The amount was payable immediately, and would attract interest of 5% a month.

Here’s the thing - the cost of the service was disclosed on that form which Mandy filled in and sent back. But in her defence, I didn’t see it either, at first. In fact I read the document several times before I saw it, because that paragraph is designed to blend into the letterhead. 

Directly under the name of the company is this: “AMOUNT: R299 x twenty four months only, excluding VAT. Payment in full  on receipt of 30 day invoice. Total value of contract: seven thousand one hundred and seventy six Rand, only, excluding VAT, to be paid within 30 days of the invoice.”

Expressing monetary amounts in words rather than in numbers reduces the chance of a person’s eye being caught by the amount.

Mandy’s company was charged for artwork. When she asked to see the artwork, the listing itself or a copy or link to the directory she was being asked to pay more than R8000 to appear in, she was told that only customers get to see the directory.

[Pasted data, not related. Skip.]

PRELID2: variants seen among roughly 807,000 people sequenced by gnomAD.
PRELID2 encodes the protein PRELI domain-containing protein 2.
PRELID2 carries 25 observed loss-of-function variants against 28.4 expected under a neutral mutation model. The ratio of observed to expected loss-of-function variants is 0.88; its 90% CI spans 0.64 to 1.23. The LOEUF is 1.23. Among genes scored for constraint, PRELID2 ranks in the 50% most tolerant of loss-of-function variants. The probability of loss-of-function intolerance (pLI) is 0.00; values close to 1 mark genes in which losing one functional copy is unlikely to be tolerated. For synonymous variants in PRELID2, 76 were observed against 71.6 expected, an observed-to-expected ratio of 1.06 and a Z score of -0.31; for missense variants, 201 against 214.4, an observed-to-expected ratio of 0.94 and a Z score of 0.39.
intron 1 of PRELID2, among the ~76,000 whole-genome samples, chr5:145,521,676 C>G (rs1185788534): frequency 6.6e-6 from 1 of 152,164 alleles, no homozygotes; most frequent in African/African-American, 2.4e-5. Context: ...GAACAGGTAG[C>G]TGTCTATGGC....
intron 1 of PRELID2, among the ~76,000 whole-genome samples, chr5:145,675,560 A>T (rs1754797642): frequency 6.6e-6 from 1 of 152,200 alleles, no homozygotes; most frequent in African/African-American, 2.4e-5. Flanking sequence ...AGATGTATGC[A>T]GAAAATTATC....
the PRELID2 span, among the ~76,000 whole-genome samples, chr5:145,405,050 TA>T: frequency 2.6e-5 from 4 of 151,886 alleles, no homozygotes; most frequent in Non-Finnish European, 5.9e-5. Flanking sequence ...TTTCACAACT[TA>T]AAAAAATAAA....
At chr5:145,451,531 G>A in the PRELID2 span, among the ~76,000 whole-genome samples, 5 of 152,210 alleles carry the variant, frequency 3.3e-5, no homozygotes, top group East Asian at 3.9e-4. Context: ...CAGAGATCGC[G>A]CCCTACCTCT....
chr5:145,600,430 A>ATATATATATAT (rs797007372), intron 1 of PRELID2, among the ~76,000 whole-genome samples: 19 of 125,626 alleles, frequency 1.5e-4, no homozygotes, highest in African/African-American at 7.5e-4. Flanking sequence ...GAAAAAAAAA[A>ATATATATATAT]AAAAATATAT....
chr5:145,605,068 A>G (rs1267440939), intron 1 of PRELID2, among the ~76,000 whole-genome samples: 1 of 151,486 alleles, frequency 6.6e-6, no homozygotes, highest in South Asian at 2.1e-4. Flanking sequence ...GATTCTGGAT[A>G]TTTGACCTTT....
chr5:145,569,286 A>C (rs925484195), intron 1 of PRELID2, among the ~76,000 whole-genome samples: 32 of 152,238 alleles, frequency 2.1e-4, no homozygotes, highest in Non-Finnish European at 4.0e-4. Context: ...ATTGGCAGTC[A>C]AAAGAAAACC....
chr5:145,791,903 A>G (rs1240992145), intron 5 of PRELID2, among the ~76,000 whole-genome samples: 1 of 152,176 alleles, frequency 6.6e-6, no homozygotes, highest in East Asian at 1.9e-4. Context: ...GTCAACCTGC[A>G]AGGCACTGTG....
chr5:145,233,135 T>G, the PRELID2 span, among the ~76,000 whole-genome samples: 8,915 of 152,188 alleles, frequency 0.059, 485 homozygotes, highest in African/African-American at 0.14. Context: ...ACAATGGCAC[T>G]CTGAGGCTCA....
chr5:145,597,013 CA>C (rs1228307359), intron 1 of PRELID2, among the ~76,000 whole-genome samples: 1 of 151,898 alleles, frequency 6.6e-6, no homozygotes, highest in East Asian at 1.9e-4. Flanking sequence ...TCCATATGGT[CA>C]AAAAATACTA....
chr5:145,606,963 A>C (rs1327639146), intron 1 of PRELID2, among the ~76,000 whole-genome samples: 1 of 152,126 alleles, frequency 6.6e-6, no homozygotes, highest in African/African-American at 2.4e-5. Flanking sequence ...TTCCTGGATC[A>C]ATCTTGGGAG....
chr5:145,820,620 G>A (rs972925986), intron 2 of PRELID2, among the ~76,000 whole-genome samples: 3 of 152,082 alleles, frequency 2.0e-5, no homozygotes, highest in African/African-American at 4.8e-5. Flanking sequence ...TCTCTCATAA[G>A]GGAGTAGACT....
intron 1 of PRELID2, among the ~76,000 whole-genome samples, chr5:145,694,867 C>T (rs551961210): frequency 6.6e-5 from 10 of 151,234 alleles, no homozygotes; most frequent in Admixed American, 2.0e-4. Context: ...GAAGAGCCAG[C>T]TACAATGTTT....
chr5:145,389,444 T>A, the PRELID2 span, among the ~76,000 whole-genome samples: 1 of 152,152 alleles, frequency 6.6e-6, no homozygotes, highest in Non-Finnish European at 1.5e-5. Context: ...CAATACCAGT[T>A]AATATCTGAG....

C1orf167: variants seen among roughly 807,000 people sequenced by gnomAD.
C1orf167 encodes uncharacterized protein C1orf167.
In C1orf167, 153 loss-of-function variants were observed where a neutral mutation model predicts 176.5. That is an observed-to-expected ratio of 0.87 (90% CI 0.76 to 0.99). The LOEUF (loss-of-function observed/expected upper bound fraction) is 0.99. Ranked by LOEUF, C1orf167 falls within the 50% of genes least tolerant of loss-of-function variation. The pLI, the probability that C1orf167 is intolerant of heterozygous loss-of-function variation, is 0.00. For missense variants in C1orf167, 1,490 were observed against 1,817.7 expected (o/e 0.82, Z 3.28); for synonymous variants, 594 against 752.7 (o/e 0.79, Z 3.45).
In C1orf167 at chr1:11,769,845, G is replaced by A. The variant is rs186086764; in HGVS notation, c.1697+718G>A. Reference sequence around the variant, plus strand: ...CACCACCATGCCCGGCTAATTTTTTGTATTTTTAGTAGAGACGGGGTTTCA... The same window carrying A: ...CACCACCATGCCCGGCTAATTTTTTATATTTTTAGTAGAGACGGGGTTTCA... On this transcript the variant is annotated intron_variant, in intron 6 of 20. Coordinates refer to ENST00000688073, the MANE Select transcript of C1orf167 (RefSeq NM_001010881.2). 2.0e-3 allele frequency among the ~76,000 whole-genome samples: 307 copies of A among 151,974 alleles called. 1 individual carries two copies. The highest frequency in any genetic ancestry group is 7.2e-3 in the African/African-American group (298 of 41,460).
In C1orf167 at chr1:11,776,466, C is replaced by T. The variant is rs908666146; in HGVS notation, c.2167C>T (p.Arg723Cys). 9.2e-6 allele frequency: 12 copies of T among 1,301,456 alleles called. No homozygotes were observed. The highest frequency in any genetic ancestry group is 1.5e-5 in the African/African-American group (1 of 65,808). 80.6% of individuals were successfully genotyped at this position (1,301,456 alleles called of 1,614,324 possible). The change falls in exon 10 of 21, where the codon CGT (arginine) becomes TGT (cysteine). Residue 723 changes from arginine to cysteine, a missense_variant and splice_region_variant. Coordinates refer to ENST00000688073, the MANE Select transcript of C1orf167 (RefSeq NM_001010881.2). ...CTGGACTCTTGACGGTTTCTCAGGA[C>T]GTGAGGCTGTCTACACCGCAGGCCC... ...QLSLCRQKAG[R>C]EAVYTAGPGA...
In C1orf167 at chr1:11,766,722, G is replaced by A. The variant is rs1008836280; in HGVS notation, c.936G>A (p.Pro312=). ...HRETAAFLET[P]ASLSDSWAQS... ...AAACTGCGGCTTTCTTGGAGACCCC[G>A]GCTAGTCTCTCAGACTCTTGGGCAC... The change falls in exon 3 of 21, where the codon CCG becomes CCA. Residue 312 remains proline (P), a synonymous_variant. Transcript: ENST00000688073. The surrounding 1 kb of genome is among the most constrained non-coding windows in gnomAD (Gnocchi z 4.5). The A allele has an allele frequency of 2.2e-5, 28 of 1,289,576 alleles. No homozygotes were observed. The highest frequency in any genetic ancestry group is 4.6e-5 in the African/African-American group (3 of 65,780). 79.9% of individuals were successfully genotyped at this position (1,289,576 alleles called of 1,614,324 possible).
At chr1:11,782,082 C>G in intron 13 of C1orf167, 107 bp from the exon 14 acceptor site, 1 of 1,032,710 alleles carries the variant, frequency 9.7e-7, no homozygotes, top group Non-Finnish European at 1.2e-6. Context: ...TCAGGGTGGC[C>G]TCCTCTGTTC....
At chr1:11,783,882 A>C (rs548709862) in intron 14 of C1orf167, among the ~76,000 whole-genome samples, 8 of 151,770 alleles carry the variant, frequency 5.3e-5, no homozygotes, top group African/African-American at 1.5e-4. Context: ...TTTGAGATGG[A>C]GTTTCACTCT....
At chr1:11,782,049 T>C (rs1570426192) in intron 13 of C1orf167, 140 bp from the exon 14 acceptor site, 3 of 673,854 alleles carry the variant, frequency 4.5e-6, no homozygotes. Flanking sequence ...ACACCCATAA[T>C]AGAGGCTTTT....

“You can only become a customer after you’ve paid,” she said. "So it means that only customers see each other’s ads."

Mandy says she was told the contract couldn’t be cancelled. That’s when she did some research and found several other similar complaints on Hellopeter.

I contacted Directories Services, asking what directory they publish, where could I access it, and what its reach was. I also asked what their agents say when calling companies about listings.

The directory company responds

Responding, director Ashwin Dwarika said the company’s marketing consultants told those they phoned that "this call maybe recorded for quality purposes”, and that because calls are recorded, “they cannot make  a mistake and mention being affiliated to Telkom, Trudon or TDS.”
"They ask the businesses if they’d like to advertise with Directories Services 2", he said, “and market the product with prices included.”

I asked him to forward the recording of that call, given that Mandy recalls the conversation differently, but I haven’t received it.